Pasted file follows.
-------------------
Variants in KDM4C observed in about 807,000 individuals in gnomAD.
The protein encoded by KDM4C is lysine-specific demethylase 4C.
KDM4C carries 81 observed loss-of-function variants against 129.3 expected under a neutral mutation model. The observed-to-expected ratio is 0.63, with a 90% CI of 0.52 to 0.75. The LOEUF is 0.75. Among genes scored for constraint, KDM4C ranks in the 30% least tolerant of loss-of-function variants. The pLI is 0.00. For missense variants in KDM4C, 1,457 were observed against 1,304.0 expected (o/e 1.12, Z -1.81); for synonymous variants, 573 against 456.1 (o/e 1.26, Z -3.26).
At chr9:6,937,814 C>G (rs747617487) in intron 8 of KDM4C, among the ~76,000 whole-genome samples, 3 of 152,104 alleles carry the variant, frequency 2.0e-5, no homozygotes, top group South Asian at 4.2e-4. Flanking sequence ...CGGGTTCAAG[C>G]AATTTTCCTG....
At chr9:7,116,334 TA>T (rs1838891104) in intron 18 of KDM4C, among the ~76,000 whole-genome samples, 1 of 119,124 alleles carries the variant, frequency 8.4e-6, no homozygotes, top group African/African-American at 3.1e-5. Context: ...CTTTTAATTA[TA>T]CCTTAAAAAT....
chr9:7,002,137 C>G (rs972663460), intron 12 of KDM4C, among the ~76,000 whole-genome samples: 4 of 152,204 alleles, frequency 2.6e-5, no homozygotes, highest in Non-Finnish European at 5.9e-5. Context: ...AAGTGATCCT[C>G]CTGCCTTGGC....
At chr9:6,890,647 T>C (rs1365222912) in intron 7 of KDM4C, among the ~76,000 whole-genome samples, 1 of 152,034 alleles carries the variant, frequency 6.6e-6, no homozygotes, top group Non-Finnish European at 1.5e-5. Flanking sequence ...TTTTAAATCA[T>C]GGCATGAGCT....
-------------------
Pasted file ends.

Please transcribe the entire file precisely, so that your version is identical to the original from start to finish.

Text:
Variants in KDM4C observed in about 807,000 individuals in gnomAD.
The protein encoded by KDM4C is lysine-specific demethylase 4C.
KDM4C carries 81 observed loss-of-function variants against 129.3 expected under a neutral mutation model. The observed-to-expected ratio is 0.63, with a 90% CI of 0.52 to 0.75. The LOEUF is 0.75. Among genes scored for constraint, KDM4C ranks in the 30% least tolerant of loss-of-function variants. The pLI is 0.00. For missense variants in KDM4C, 1,457 were observed against 1,304.0 expected (o/e 1.12, Z -1.81); for synonymous variants, 573 against 456.1 (o/e 1.26, Z -3.26).
At chr9:6,937,814 C>G (rs747617487) in intron 8 of KDM4C, among the ~76,000 whole-genome samples, 3 of 152,104 alleles carry the variant, frequency 2.0e-5, no homozygotes, top group South Asian at 4.2e-4. Flanking sequence ...CGGGTTCAAG[C>G]AATTTTCCTG....
At chr9:7,116,334 TA>T (rs1838891104) in intron 18 of KDM4C, among the ~76,000 whole-genome samples, 1 of 119,124 alleles carries the variant, frequency 8.4e-6, no homozygotes, top group African/African-American at 3.1e-5. Context: ...CTTTTAATTA[TA>T]CCTTAAAAAT....
chr9:7,002,137 C>G (rs972663460), intron 12 of KDM4C, among the ~76,000 whole-genome samples: 4 of 152,204 alleles, frequency 2.6e-5, no homozygotes, highest in Non-Finnish European at 5.9e-5. Context: ...AAGTGATCCT[C>G]CTGCCTTGGC....
At chr9:6,890,647 T>C (rs1365222912) in intron 7 of KDM4C, among the ~76,000 whole-genome samples, 1 of 152,034 alleles carries the variant, frequency 6.6e-6, no homozygotes, top group Non-Finnish European at 1.5e-5. Flanking sequence ...TTTTAAATCA[T>C]GGCATGAGCT....